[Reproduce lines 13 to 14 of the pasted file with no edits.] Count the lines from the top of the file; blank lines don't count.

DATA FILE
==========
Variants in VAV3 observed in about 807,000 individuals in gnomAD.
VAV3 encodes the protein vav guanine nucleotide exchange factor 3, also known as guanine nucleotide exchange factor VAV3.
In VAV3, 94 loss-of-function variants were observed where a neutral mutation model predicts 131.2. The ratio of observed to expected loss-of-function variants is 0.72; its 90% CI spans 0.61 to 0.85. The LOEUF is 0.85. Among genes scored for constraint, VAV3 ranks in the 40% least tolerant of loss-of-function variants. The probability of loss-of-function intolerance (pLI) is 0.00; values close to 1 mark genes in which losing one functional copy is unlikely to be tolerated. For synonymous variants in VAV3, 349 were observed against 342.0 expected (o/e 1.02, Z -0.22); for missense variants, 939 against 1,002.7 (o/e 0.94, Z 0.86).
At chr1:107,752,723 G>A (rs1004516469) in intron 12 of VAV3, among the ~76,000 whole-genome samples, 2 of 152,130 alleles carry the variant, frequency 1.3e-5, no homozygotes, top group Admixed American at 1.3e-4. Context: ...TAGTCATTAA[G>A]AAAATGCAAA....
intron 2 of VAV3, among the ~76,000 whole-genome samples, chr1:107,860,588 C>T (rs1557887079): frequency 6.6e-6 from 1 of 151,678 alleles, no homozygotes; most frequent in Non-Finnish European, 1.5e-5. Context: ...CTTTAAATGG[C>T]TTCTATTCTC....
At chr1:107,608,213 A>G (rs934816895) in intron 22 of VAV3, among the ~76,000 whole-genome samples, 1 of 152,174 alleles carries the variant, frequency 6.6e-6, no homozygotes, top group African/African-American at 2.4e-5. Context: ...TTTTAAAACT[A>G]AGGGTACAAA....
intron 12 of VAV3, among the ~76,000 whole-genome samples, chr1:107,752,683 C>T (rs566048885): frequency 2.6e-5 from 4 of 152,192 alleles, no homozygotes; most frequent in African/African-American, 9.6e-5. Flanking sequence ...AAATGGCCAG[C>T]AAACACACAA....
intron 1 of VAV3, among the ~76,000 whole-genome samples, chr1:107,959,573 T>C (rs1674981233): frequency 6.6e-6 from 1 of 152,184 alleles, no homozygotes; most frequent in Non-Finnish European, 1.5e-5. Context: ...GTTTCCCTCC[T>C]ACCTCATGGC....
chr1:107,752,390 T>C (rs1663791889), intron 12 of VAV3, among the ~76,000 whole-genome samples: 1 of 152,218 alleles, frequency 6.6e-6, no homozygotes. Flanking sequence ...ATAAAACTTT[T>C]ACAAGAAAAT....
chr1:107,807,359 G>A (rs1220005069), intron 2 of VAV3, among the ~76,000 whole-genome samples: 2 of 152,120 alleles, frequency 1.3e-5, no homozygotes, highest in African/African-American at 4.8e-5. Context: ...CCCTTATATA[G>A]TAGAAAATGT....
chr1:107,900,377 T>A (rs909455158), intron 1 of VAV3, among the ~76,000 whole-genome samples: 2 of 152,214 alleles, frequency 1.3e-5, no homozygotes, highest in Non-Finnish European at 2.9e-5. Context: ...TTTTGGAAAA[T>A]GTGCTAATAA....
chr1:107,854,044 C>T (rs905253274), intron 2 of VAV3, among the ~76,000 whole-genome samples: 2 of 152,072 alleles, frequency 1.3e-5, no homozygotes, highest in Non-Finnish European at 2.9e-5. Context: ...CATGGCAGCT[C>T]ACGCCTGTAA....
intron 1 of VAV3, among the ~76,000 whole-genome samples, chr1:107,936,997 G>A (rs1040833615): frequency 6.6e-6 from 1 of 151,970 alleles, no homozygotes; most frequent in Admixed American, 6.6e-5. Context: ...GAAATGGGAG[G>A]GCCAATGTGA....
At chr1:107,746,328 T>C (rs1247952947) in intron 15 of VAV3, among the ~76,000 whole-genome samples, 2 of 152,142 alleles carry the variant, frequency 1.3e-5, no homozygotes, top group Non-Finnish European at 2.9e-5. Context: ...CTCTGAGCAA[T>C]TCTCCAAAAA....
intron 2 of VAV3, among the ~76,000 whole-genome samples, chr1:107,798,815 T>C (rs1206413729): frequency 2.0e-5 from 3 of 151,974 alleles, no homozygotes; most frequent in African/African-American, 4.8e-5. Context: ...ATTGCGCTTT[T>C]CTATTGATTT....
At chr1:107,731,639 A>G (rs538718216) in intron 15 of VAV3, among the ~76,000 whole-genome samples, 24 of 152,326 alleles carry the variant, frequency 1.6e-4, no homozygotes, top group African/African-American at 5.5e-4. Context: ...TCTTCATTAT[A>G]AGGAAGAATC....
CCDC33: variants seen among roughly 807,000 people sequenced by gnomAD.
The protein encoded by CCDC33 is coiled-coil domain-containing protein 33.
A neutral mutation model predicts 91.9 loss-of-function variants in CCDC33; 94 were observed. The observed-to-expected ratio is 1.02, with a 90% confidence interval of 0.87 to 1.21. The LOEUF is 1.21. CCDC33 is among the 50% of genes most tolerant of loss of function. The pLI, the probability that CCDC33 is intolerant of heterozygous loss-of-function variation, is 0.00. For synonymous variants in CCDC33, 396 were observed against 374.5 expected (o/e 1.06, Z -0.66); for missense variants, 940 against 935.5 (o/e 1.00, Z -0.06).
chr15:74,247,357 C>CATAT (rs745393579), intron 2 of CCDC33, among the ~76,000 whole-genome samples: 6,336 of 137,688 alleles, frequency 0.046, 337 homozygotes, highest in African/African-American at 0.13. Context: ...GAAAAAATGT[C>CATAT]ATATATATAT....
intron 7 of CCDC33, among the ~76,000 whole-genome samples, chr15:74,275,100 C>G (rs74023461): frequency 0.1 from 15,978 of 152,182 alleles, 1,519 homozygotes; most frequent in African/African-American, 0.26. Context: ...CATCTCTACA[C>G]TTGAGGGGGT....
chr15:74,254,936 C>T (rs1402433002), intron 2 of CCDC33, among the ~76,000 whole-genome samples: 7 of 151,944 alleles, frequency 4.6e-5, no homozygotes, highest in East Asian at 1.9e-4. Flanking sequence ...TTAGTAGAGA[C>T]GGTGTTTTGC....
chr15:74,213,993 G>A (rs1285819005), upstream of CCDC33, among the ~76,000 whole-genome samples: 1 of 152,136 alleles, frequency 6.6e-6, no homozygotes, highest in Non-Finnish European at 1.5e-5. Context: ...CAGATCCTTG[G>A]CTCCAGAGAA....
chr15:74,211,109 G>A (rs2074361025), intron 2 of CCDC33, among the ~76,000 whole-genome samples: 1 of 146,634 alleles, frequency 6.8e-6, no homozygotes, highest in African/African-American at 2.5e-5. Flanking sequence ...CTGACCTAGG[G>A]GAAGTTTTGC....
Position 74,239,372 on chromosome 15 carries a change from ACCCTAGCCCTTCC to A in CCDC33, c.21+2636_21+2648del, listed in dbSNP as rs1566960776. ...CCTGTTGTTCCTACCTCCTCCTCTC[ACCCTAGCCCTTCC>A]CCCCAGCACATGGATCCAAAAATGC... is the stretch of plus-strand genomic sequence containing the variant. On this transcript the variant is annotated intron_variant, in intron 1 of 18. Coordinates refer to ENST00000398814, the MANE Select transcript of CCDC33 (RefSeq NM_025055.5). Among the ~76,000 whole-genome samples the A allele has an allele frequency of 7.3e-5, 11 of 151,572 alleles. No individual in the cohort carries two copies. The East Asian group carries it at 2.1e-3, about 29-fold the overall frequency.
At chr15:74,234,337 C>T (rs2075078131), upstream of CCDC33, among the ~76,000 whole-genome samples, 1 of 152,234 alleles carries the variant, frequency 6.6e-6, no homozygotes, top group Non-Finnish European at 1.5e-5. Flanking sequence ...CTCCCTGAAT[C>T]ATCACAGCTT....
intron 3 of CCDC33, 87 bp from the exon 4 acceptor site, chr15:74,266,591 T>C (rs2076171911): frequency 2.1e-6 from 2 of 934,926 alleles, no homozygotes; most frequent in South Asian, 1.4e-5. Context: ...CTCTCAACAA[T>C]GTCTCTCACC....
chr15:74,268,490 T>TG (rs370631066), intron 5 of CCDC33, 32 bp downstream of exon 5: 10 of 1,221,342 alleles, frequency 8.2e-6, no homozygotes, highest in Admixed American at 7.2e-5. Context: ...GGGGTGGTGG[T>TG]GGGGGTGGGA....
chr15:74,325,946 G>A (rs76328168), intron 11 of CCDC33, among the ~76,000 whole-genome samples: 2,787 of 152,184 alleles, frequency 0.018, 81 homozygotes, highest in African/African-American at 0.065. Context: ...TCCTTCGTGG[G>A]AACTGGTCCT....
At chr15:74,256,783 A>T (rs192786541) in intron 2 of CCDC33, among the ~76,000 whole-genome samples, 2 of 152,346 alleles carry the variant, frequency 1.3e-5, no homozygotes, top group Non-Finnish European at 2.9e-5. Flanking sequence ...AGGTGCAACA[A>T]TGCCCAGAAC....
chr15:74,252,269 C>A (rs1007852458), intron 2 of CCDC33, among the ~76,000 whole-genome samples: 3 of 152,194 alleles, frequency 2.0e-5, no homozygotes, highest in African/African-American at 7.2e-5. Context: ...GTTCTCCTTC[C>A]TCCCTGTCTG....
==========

intron 1 of VAV3, among the ~76,000 whole-genome samples, chr1:107,936,997 G>A (rs1040833615): frequency 6.6e-6 from 1 of 151,970 alleles, no homozygotes; most frequent in Admixed American, 6.6e-5. Context: ...GAAATGGGAG[G>A]GCCAATGTGA....
At chr1:107,746,328 T>C (rs1247952947) in intron 15 of VAV3, among the ~76,000 whole-genome samples, 2 of 152,142 alleles carry the variant, frequency 1.3e-5, no homozygotes, top group Non-Finnish European at 2.9e-5. Context: ...CTCTGAGCAA[T>C]TCTCCAAAAA....